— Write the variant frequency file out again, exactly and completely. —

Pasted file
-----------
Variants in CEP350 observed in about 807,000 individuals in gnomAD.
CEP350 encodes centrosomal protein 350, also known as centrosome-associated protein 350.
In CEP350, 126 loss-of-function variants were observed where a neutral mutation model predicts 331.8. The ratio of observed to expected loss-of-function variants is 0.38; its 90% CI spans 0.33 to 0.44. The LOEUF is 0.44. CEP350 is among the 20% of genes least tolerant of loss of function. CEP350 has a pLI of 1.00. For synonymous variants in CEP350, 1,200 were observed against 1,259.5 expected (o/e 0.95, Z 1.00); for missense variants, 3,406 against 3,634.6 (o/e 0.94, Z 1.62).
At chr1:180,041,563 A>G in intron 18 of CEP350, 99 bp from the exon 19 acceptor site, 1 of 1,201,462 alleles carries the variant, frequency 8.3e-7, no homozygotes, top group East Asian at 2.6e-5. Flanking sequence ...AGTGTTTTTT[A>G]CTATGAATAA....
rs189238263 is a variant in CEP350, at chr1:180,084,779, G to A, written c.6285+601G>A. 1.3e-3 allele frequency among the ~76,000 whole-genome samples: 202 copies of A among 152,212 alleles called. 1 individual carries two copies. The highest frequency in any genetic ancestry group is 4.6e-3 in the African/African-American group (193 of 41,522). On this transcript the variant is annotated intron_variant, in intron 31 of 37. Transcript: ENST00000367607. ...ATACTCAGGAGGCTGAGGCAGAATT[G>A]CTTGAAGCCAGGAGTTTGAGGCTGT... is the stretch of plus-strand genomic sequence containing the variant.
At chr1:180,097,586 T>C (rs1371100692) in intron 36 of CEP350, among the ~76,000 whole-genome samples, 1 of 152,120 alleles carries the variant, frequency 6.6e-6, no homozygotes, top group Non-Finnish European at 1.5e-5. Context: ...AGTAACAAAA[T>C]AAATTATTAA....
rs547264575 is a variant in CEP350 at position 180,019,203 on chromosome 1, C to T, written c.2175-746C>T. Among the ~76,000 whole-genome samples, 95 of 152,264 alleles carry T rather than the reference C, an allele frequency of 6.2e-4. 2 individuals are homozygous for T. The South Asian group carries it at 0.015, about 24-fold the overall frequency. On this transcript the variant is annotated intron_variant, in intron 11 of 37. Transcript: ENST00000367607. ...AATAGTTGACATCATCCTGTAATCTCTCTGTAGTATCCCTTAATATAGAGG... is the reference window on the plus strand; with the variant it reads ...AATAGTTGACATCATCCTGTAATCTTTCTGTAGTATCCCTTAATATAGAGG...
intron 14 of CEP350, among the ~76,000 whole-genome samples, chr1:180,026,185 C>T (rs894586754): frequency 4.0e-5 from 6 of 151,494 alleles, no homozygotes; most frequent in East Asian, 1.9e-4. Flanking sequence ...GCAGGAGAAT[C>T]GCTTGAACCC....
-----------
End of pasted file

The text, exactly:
Variants in CEP350 observed in about 807,000 individuals in gnomAD.
CEP350 encodes centrosomal protein 350, also known as centrosome-associated protein 350.
In CEP350, 126 loss-of-function variants were observed where a neutral mutation model predicts 331.8. The ratio of observed to expected loss-of-function variants is 0.38; its 90% CI spans 0.33 to 0.44. The LOEUF is 0.44. CEP350 is among the 20% of genes least tolerant of loss of function. CEP350 has a pLI of 1.00. For synonymous variants in CEP350, 1,200 were observed against 1,259.5 expected (o/e 0.95, Z 1.00); for missense variants, 3,406 against 3,634.6 (o/e 0.94, Z 1.62).
At chr1:180,041,563 A>G in intron 18 of CEP350, 99 bp from the exon 19 acceptor site, 1 of 1,201,462 alleles carries the variant, frequency 8.3e-7, no homozygotes, top group East Asian at 2.6e-5. Flanking sequence ...AGTGTTTTTT[A>G]CTATGAATAA....
rs189238263 is a variant in CEP350, at chr1:180,084,779, G to A, written c.6285+601G>A. 1.3e-3 allele frequency among the ~76,000 whole-genome samples: 202 copies of A among 152,212 alleles called. 1 individual carries two copies. The highest frequency in any genetic ancestry group is 4.6e-3 in the African/African-American group (193 of 41,522). On this transcript the variant is annotated intron_variant, in intron 31 of 37. Transcript: ENST00000367607. ...ATACTCAGGAGGCTGAGGCAGAATT[G>A]CTTGAAGCCAGGAGTTTGAGGCTGT... is the stretch of plus-strand genomic sequence containing the variant.
At chr1:180,097,586 T>C (rs1371100692) in intron 36 of CEP350, among the ~76,000 whole-genome samples, 1 of 152,120 alleles carries the variant, frequency 6.6e-6, no homozygotes, top group Non-Finnish European at 1.5e-5. Context: ...AGTAACAAAA[T>C]AAATTATTAA....
rs547264575 is a variant in CEP350 at position 180,019,203 on chromosome 1, C to T, written c.2175-746C>T. Among the ~76,000 whole-genome samples, 95 of 152,264 alleles carry T rather than the reference C, an allele frequency of 6.2e-4. 2 individuals are homozygous for T. The South Asian group carries it at 0.015, about 24-fold the overall frequency. On this transcript the variant is annotated intron_variant, in intron 11 of 37. Transcript: ENST00000367607. ...AATAGTTGACATCATCCTGTAATCTCTCTGTAGTATCCCTTAATATAGAGG... is the reference window on the plus strand; with the variant it reads ...AATAGTTGACATCATCCTGTAATCTTTCTGTAGTATCCCTTAATATAGAGG...
intron 14 of CEP350, among the ~76,000 whole-genome samples, chr1:180,026,185 C>T (rs894586754): frequency 4.0e-5 from 6 of 151,494 alleles, no homozygotes; most frequent in East Asian, 1.9e-4. Flanking sequence ...GCAGGAGAAT[C>T]GCTTGAACCC....